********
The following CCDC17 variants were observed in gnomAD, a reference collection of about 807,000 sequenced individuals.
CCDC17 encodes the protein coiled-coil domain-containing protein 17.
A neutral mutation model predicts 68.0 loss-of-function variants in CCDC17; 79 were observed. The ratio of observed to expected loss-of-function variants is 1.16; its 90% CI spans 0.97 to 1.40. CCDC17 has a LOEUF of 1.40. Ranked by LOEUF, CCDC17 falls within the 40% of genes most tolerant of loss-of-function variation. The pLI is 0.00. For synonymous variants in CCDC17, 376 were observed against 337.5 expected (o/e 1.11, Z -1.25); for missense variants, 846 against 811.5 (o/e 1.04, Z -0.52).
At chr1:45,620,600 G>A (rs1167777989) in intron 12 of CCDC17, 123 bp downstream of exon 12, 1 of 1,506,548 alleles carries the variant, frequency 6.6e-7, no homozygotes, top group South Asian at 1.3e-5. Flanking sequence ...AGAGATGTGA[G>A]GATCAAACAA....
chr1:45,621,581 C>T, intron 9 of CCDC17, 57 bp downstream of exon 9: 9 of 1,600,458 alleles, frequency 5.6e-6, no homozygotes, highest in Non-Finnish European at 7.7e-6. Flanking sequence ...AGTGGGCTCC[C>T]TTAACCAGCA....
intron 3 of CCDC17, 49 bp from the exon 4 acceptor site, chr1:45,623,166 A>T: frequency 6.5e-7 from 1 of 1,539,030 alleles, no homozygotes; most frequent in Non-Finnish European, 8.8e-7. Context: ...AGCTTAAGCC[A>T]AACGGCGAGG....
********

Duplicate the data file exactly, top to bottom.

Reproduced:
The following CCDC17 variants were observed in gnomAD, a reference collection of about 807,000 sequenced individuals.
CCDC17 encodes the protein coiled-coil domain-containing protein 17.
A neutral mutation model predicts 68.0 loss-of-function variants in CCDC17; 79 were observed. The ratio of observed to expected loss-of-function variants is 1.16; its 90% CI spans 0.97 to 1.40. CCDC17 has a LOEUF of 1.40. Ranked by LOEUF, CCDC17 falls within the 40% of genes most tolerant of loss-of-function variation. The pLI is 0.00. For synonymous variants in CCDC17, 376 were observed against 337.5 expected (o/e 1.11, Z -1.25); for missense variants, 846 against 811.5 (o/e 1.04, Z -0.52).
At chr1:45,620,600 G>A (rs1167777989) in intron 12 of CCDC17, 123 bp downstream of exon 12, 1 of 1,506,548 alleles carries the variant, frequency 6.6e-7, no homozygotes, top group South Asian at 1.3e-5. Flanking sequence ...AGAGATGTGA[G>A]GATCAAACAA....
chr1:45,621,581 C>T, intron 9 of CCDC17, 57 bp downstream of exon 9: 9 of 1,600,458 alleles, frequency 5.6e-6, no homozygotes, highest in Non-Finnish European at 7.7e-6. Flanking sequence ...AGTGGGCTCC[C>T]TTAACCAGCA....
intron 3 of CCDC17, 49 bp from the exon 4 acceptor site, chr1:45,623,166 A>T: frequency 6.5e-7 from 1 of 1,539,030 alleles, no homozygotes; most frequent in Non-Finnish European, 8.8e-7. Context: ...AGCTTAAGCC[A>T]AACGGCGAGG....